- One day, a popular girl marched up to me (popular entourage in tow) and asked me HOW ON EARTH I could wear blue socks with black shoes. I was stumped for a response, mainly because I hadn’t even realised the error of my ways. Looking down at my shoes, I flushed with red trying to think of something to say. Eventually, I uttered: ‘It’s a free country…’ a popular response in the mid-nineties as it was applicable to almost anything. Sadly, its applicability did not stop it from being super-lame. The girl snarled and stomped away with a herd of her fashioncentric friends, as if my mismatching socks and shoes had somehow been a personal attack on her.
- Once, during an English class, we had to play a description game, where someone had to guess which person in the class was being described to them. My classmates described me as: ‘She’s got blonde hair, and big teeth’. Bingo. The boy who was guessing (who I also happened to have a pretty big crush on, at the time) instantly pointed (that’s right pointed, without actually saying anything) at the girl in the back corner. Me. Blondie big teeth.
- In a drama class, we had to improvise an argument with another person. My drama teacher reiterated (several times) that the argument was to be purely fictitious and we were not to make personal digs at each other. My partner shrugged at me and murmured: ‘You got a big nose’. AND THEN DIDN’T SAY ANYTHING ELSE.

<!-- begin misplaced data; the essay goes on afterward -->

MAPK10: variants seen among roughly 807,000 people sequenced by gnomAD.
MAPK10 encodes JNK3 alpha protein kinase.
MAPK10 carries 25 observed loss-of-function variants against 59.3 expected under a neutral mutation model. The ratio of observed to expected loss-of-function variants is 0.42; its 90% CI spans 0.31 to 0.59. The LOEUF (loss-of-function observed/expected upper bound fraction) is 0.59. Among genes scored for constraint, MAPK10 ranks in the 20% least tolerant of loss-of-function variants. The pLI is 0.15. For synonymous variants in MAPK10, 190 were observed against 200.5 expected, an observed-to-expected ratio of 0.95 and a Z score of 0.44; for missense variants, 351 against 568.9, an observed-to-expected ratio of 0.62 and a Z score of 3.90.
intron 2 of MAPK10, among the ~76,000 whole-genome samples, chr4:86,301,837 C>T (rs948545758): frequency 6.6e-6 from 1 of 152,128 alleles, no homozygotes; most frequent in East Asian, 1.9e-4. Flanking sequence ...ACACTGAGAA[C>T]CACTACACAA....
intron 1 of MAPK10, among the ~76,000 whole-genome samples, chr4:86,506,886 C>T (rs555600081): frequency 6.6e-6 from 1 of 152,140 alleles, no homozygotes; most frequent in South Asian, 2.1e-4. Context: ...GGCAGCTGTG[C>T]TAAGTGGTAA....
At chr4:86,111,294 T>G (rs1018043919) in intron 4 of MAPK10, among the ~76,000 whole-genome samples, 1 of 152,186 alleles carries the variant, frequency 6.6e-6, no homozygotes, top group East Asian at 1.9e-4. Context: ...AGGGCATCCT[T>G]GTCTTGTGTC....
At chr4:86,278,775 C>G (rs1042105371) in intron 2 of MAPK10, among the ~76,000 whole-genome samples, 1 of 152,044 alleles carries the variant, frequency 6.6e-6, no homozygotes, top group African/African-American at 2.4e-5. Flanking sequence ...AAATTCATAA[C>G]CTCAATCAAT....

- A boy I was going out with, broke up with me because every time he saw me, it made him feel physically sick. (True story).
It’s a fact of life that high school is hell for the under-confident. I think the fourteen-year-old me is the one who hears compliments, and they’re just so hard to believe in and amongst the hundreds of big nose/big hair/big teeth insults. I feel like I’m being lied to. This is partially due to my school days, but mainly down to watching way too many American high school movies in which the “unattractive” girl is dated by a cool jock in order to win a bet.
For the record, I still don’t understand fashion. And sometimes I still wear inappropriately coloured socks with black shoes. Sometimes I wear socks that don’t even match each other. With holes in them (take that, girl from high school!). Sometimes, I’ll get up and I won’t even change out of my pyjamas – which are fleecy and pink and covered in little cakes. Sure, you can call me beautiful but you haven’t seen me eat cold, leftover bolognaise direct from the fridge. At four in the afternoon. Wearing fleecy pink cake pyjamas. Using only my hands (take that, boy I used to go out with!).
This post doesn’t really have any sort of conclusion. Except that high school was hell, and compliments make me uncomfortable. But I think I said that at the beginning.
So, moving on… Here’s a little follow up about my anxious feelings of writerliness (that’s totally a word). A few things have happened over this past week to settle the nerves. One of them was watching Elizabeth Gilbert talk about creativity, which I found kind of beautiful (take that, compliment guy with red biro!) and inspiring.
Anyway, next time, a proper post. Promise.